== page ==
(d) Nor is there any merit to petitioner's contention in No. 87-614 that he should have been provided with a prompt post-arrest adversarial hearing on the question of the obscenity of the materials he allegedly distributed. He did not request such a hearing, and there was no seizure of any of his books or films. Police officers' purchases of a few items in connection with their investigation of petitioner's stores did not trigger constitutional concern. P. 489 U. S. 62.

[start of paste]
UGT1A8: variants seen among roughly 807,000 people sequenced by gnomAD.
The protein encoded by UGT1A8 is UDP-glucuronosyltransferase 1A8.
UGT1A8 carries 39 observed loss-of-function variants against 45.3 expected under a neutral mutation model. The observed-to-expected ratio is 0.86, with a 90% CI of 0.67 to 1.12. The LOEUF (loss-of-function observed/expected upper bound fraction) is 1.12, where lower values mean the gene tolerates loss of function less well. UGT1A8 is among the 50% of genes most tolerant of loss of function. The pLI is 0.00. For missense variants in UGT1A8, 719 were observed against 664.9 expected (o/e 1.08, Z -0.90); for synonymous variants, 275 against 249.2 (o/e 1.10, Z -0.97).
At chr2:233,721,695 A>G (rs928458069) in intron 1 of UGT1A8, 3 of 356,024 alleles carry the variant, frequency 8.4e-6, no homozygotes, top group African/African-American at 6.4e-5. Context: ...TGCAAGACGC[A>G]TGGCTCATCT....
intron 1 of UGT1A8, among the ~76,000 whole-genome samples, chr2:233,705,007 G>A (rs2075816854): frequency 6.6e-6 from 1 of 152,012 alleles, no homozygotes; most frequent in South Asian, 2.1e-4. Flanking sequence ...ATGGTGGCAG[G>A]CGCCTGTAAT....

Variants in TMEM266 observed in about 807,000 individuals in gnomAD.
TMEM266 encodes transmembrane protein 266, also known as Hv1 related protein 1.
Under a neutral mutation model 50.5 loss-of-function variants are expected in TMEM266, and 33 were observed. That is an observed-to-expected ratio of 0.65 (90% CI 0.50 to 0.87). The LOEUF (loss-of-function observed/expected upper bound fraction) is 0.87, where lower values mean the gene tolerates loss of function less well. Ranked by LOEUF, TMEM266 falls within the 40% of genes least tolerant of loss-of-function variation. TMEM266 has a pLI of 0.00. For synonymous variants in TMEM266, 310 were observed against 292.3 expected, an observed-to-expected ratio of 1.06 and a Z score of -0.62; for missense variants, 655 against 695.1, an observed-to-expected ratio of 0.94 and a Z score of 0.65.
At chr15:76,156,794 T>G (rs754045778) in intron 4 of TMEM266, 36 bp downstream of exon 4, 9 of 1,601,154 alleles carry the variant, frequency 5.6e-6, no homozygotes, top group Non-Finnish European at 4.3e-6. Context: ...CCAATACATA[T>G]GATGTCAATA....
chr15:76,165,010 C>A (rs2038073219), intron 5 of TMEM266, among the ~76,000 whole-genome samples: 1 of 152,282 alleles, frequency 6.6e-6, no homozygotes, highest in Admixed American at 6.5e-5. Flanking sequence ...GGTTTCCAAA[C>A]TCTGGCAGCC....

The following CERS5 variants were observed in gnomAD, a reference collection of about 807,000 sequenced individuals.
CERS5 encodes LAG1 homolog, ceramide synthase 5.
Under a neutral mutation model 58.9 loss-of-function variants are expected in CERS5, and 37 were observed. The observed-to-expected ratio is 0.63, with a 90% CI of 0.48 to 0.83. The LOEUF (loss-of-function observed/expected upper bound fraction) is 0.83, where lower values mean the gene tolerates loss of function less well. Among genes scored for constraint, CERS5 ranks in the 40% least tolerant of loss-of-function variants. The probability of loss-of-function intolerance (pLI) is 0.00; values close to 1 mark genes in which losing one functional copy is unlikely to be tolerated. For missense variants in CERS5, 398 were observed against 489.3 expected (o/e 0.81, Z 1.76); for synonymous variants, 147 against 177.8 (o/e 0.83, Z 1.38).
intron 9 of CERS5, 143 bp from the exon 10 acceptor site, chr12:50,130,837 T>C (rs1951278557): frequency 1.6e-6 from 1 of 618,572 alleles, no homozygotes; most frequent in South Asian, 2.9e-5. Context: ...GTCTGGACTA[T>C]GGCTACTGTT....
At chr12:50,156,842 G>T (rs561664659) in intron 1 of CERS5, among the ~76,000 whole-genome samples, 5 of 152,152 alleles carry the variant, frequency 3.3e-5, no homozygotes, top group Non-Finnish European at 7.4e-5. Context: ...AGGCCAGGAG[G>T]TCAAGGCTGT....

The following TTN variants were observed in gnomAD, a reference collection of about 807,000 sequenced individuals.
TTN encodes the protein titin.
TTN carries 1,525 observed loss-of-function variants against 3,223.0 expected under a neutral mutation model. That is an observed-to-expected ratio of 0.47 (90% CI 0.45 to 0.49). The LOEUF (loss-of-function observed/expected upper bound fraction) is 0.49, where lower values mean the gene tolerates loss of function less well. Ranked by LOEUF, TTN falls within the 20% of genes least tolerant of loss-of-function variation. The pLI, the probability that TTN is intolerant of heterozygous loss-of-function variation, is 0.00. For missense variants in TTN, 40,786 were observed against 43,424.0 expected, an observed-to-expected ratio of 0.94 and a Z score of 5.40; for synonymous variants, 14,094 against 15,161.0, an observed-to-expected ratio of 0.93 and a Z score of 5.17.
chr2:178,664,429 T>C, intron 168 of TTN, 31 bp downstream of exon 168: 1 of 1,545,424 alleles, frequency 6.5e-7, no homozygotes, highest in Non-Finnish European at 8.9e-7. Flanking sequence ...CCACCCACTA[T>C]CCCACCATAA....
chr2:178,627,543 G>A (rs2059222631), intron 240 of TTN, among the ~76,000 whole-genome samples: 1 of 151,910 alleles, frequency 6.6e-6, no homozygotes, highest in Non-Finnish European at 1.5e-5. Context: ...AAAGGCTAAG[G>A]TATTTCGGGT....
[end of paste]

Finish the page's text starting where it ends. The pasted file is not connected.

3. The pretrial seizure of petitioner's bookstore and its contents in No. 87-470 was improper. While a single copy of a book or film may be seized and retained for evidentiary purposes based on a finding of probable cause, books or films may not be taken out of circulation completely until there has been a determination of obscenity after an adversary hearing. The risk of prior restraint, which is the underlying basis for the special Fourth Amendment protection accorded searches for and seizures of First Amendment materials, renders invalid the pretrial seizure here. Even assuming that petitioner's bookstore and its contents are forfeitable when it is proved that they were used in, or derived from, a pattern of violations of the state obscenity laws, the seizure was unconstitutional. Probable cause to believe that there are valid grounds for seizure is insufficient to interrupt the sale of presumptively protected books and films. Here, there was no determination that the seized items were "obscene" or that a RICO violation had occurred. The petition